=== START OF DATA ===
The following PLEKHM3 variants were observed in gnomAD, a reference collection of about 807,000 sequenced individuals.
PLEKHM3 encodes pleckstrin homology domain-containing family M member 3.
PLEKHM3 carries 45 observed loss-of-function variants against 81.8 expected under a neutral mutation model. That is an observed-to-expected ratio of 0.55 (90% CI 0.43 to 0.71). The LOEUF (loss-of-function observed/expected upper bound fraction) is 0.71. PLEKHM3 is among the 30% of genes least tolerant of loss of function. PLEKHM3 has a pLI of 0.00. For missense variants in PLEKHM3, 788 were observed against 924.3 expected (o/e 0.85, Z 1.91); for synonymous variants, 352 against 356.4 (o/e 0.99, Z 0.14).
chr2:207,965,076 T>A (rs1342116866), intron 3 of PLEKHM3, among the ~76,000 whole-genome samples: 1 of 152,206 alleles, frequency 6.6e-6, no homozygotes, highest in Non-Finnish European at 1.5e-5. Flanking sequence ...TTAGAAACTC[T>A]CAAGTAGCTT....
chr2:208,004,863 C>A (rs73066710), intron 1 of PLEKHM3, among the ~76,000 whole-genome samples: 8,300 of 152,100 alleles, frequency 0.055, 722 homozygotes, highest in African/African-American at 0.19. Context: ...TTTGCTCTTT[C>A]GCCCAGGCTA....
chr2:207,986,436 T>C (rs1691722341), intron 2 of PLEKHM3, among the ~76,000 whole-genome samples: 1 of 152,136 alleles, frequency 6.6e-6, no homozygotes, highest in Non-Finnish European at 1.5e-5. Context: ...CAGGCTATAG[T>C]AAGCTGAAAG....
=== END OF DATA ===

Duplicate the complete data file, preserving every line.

The following PLEKHM3 variants were observed in gnomAD, a reference collection of about 807,000 sequenced individuals.
PLEKHM3 encodes pleckstrin homology domain-containing family M member 3.
PLEKHM3 carries 45 observed loss-of-function variants against 81.8 expected under a neutral mutation model. That is an observed-to-expected ratio of 0.55 (90% CI 0.43 to 0.71). The LOEUF (loss-of-function observed/expected upper bound fraction) is 0.71. PLEKHM3 is among the 30% of genes least tolerant of loss of function. PLEKHM3 has a pLI of 0.00. For missense variants in PLEKHM3, 788 were observed against 924.3 expected (o/e 0.85, Z 1.91); for synonymous variants, 352 against 356.4 (o/e 0.99, Z 0.14).
chr2:207,965,076 T>A (rs1342116866), intron 3 of PLEKHM3, among the ~76,000 whole-genome samples: 1 of 152,206 alleles, frequency 6.6e-6, no homozygotes, highest in Non-Finnish European at 1.5e-5. Flanking sequence ...TTAGAAACTC[T>A]CAAGTAGCTT....
chr2:208,004,863 C>A (rs73066710), intron 1 of PLEKHM3, among the ~76,000 whole-genome samples: 8,300 of 152,100 alleles, frequency 0.055, 722 homozygotes, highest in African/African-American at 0.19. Context: ...TTTGCTCTTT[C>A]GCCCAGGCTA....
chr2:207,986,436 T>C (rs1691722341), intron 2 of PLEKHM3, among the ~76,000 whole-genome samples: 1 of 152,136 alleles, frequency 6.6e-6, no homozygotes, highest in Non-Finnish European at 1.5e-5. Context: ...CAGGCTATAG[T>C]AAGCTGAAAG....